Friday I had to be at work at 8:30. I somehow convinced myself that I could go to the 7:00 mysore class, just do my second series poses with no research and be out of there in time to get to work. That's with a 40 minute commute. I probably would have done it too if I hadn't done the Samakonasana and Hanumanasana researching sequence that we do after the Prasarita poses. Those two are so uncomfortable that they take me a while to get through. Lots of mental conversations and bargaining going on. I wanted to do them, even if it meant I had to truncate some other parts of the practice because, more than any other aspect of my practice, if I don't do those regularly, I lose ground. I've gotten to where I can get all the way down on my second side in Hanumansana and almost all the way down on my first side. I've made slow progress in Samakonasana too but still have much pain ahead of me in that one. The discomfort from doing those postures is enough to make me want to do them every chance that I can so that I don't lose ground and have to make it all back up again. Because of my time concerns, I wasn't really holding any of the poses for the normal length of time. I was doing Supta Vajrasana when the people next to me were still doing the standing poses. Tim came over to help with that pose and said, "You look like you're a man on a mission today." I knew there wouldn't be any new poses coming my way when I hurried through like that. Ater my last pose, I did three backbends, made it up to standing and then did the last three poses and a quick savasana. Time out of the shala door: 7:45.

Needless to say, practicing like that didn't give me the usual post-practice feel. As unlucky as I was on Tuesday with my operating schedule, I was equally lucky on Friday. A case got cancelled, a couple of others got moved up and miracles of miracles, we got three major cases in and done by 4:30. I sprinted to the car with the intent of trying to make it to the Intro to Second series class if it was okay with my wife. She was tied up at one of the malls buying clothes for the kids so she said to go ahead. I strolled in to the studio and put my mat down. I was walking back to my mat after a quick run to the bathroom to put some water on my rug when Tim spotted me and said, "Hey, John. Weren't you at practice this morning?" As in, "You know this isn't how it's supposed to be done, why are you here?" but in a much nicer way. I suggested that the morning class didn't really count, that it had just been an "insurance" practice in case I didn't make it to the evening class. He just smiled. The evening class normally goes as far as Ardha Matsyendrasana. He will sometimes flesh the class out with various researching poses. We didn't do anything extra that night though, except for Eka Pada Bhekasana. I usually wish we didn't have to do that one because it doesn't feel like it does that much for me but does use up energy that I'd rather have available later on. That night though, I was glad to do it. Bhekasana has been one of the hardest poses for me to do as I've been getting over this tweak in my back. We didn't get to do Samakonasana or Hanumanasana, none of the groin openers, nothing else. We did use the extra time to do some chanting though. I hadn't done any of that in a while so that was nice. It also felt better to have done all of the finishing poses and to have a real long Savasana. I felt like I had practiced when we were done with that class, even though the actual practice time wasn't much more than what I had done that morning.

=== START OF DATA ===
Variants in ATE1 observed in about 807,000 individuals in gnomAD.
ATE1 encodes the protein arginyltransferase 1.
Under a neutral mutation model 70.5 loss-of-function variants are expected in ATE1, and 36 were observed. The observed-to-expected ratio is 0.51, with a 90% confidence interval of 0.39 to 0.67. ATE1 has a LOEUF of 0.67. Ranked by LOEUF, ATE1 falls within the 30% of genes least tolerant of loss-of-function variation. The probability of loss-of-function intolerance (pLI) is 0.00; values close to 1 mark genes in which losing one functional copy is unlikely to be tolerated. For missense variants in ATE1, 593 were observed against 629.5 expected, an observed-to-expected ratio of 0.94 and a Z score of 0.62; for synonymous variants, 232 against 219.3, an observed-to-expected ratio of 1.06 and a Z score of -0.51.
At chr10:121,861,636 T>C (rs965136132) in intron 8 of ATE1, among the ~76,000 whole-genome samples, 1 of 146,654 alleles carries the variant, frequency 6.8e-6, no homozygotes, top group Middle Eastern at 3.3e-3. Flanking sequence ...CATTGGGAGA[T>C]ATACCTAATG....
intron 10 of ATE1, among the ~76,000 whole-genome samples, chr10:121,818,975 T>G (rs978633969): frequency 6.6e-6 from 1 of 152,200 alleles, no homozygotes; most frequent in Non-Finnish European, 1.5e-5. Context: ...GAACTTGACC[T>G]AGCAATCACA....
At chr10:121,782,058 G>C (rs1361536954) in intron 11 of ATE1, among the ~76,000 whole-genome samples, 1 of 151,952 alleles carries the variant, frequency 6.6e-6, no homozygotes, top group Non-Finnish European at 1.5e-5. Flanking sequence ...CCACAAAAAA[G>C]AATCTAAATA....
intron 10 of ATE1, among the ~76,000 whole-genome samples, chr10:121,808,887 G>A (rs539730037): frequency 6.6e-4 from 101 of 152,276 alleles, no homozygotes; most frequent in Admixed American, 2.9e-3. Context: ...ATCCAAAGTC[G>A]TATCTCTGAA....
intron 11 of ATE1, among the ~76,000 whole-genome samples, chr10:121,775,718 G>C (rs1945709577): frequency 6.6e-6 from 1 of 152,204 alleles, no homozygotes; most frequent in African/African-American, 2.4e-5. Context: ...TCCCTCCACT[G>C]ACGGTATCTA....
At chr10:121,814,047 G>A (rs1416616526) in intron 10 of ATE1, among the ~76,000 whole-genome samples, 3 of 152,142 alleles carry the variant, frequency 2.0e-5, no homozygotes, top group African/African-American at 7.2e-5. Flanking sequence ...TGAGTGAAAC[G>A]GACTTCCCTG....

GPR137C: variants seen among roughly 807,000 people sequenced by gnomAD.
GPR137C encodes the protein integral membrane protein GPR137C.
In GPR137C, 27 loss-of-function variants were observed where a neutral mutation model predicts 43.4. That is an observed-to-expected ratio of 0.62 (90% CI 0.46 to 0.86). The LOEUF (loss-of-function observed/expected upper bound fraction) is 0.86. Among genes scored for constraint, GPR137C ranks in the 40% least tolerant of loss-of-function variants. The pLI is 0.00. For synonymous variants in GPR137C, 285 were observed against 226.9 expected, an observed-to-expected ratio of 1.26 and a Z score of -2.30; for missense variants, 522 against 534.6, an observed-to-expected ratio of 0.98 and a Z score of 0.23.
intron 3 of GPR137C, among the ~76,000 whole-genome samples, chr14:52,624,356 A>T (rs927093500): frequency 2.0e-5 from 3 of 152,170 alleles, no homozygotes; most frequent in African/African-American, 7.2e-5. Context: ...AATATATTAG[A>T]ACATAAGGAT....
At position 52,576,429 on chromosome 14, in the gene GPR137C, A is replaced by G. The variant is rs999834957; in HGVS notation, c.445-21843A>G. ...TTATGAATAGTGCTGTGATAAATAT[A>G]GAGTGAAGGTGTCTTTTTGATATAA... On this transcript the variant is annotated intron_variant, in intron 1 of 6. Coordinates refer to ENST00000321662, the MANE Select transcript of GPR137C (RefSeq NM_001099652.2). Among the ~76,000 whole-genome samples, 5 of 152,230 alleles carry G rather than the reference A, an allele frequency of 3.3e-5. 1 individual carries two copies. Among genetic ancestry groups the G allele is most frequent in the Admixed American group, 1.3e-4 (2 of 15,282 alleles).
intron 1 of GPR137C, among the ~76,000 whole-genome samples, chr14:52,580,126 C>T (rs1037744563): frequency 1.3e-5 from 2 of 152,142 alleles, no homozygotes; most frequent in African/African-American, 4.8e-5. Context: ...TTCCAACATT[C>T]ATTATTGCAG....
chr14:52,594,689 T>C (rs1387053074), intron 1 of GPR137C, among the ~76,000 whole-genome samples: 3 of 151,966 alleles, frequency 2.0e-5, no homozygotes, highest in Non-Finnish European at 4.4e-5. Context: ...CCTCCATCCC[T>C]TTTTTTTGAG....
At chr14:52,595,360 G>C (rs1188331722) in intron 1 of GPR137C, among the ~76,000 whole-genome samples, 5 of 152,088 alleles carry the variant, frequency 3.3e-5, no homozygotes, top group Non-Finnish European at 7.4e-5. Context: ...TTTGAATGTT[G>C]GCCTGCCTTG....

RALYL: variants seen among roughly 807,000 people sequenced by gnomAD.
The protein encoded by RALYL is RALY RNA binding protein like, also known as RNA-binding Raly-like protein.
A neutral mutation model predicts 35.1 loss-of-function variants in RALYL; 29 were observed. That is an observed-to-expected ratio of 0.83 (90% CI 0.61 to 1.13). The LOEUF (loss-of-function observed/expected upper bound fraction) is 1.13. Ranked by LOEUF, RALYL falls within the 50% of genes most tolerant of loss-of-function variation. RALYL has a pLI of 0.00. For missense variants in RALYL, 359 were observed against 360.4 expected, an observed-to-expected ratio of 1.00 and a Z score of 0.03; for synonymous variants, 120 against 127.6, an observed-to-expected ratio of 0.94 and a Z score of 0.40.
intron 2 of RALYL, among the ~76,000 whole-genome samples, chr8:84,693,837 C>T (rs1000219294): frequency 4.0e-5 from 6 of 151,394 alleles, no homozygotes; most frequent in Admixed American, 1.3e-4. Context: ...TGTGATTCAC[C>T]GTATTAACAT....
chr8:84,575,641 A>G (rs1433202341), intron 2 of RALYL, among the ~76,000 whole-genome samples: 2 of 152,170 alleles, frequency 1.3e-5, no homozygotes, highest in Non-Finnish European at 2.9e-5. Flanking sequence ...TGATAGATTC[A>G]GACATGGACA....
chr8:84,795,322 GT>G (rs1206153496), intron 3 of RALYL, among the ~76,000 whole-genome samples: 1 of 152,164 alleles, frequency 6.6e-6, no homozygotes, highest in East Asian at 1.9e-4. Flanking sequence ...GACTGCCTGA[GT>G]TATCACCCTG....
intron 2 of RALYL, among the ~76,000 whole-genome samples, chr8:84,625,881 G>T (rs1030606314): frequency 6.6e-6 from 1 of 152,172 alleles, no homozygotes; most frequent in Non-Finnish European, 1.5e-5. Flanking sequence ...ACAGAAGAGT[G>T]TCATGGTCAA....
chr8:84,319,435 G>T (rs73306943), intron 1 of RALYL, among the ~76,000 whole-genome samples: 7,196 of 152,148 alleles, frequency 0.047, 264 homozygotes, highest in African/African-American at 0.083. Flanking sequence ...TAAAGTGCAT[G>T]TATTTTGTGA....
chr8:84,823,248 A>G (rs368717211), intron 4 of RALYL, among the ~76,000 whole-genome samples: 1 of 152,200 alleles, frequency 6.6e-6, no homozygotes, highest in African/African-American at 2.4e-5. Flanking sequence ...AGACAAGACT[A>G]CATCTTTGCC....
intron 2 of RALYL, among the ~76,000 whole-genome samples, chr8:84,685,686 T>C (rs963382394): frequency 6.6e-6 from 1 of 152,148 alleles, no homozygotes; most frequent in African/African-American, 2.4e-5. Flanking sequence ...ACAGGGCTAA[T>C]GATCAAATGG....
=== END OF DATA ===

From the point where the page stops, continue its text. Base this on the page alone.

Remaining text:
Today, I watched some of my kids' soccer matches and went to the Improv class in between games. I can't remember what all we did, I'm pretty bad about that. I think I'm probably not destined to be a teacher because I can't seem to retain sequencing very well. We did do a bunch of lunges and groin openers and several handstand variations. Impressively, she made everyone do the handstands at the front of their mats, not against the wall. I think that's what ultimately works best. The wall sometimes creates an unbreakable dependency.The wall is worse than nicotine, worse than Lay's potato chips, worse than heroin. I wasn't going to make any Improv requests today because I've been making requests my last few classes there. Not many suggestions came up though. So I decided to go ahead and throw in my six bits. I had been looking at some poses the night before so I indirectly made my suggestion by asking how many Dhanurasana variations there were. She ended up doing most of them. The ones we didn't do were either too challenging or not that interesting or didn't really fit in with the flow of the class. I was able to find ten of them, but I didn't have my copy of Light on Yoga to check for others. Of the ones that I could find, we did the following: Dandayamana Dhanurasana (a Bikram name for a variation of Natarajasana), Dhanurasana, Parsva Dhanurasana, Padangustha Dhanurasana, Eka Pada Dhanurasana (similar to Padangustha Dhanurasana but grasping only one foot, couldn't find any pictures) and Urdhva Dhanurasana. Other ones that I found that we didn't do were Akarna Dhanurasana A & B, Parivrtta Akarna Dhanurasana, Eka Pada Urdhva Dhanurasana and Parivrtta Urdhva Dhanurasana. I'm sure there's tons of others or at least many other sub variations but we did do the poses that come in the ashtanga sequence, except for Akarna, which is a bit lame.

I'll have to do more later. Have to scrub on a case.